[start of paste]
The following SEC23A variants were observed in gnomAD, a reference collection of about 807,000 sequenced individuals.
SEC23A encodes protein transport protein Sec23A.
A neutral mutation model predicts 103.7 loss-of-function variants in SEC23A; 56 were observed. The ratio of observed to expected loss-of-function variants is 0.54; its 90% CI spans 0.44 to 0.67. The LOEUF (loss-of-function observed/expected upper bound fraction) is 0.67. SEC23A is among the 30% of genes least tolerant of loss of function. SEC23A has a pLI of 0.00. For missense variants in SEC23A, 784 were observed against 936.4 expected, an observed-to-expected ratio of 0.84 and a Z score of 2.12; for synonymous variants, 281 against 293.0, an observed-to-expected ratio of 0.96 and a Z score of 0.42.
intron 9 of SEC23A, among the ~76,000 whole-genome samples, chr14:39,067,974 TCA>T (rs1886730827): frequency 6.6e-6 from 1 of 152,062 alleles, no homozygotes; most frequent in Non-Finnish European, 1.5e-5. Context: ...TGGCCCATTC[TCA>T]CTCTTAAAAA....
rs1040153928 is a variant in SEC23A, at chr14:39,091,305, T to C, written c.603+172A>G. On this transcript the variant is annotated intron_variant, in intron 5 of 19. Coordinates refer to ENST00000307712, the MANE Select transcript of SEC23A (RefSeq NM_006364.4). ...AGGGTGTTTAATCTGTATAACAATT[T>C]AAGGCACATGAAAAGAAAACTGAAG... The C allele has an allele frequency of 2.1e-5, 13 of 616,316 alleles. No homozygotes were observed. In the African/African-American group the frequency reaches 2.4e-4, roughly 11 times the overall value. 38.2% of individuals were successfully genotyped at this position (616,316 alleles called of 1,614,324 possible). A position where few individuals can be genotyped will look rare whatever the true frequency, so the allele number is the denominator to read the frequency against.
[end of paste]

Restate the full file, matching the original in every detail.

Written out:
The following SEC23A variants were observed in gnomAD, a reference collection of about 807,000 sequenced individuals.
SEC23A encodes protein transport protein Sec23A.
A neutral mutation model predicts 103.7 loss-of-function variants in SEC23A; 56 were observed. The ratio of observed to expected loss-of-function variants is 0.54; its 90% CI spans 0.44 to 0.67. The LOEUF (loss-of-function observed/expected upper bound fraction) is 0.67. SEC23A is among the 30% of genes least tolerant of loss of function. SEC23A has a pLI of 0.00. For missense variants in SEC23A, 784 were observed against 936.4 expected, an observed-to-expected ratio of 0.84 and a Z score of 2.12; for synonymous variants, 281 against 293.0, an observed-to-expected ratio of 0.96 and a Z score of 0.42.
intron 9 of SEC23A, among the ~76,000 whole-genome samples, chr14:39,067,974 TCA>T (rs1886730827): frequency 6.6e-6 from 1 of 152,062 alleles, no homozygotes; most frequent in Non-Finnish European, 1.5e-5. Context: ...TGGCCCATTC[TCA>T]CTCTTAAAAA....
rs1040153928 is a variant in SEC23A, at chr14:39,091,305, T to C, written c.603+172A>G. On this transcript the variant is annotated intron_variant, in intron 5 of 19. Coordinates refer to ENST00000307712, the MANE Select transcript of SEC23A (RefSeq NM_006364.4). ...AGGGTGTTTAATCTGTATAACAATT[T>C]AAGGCACATGAAAAGAAAACTGAAG... The C allele has an allele frequency of 2.1e-5, 13 of 616,316 alleles. No homozygotes were observed. In the African/African-American group the frequency reaches 2.4e-4, roughly 11 times the overall value. 38.2% of individuals were successfully genotyped at this position (616,316 alleles called of 1,614,324 possible). A position where few individuals can be genotyped will look rare whatever the true frequency, so the allele number is the denominator to read the frequency against.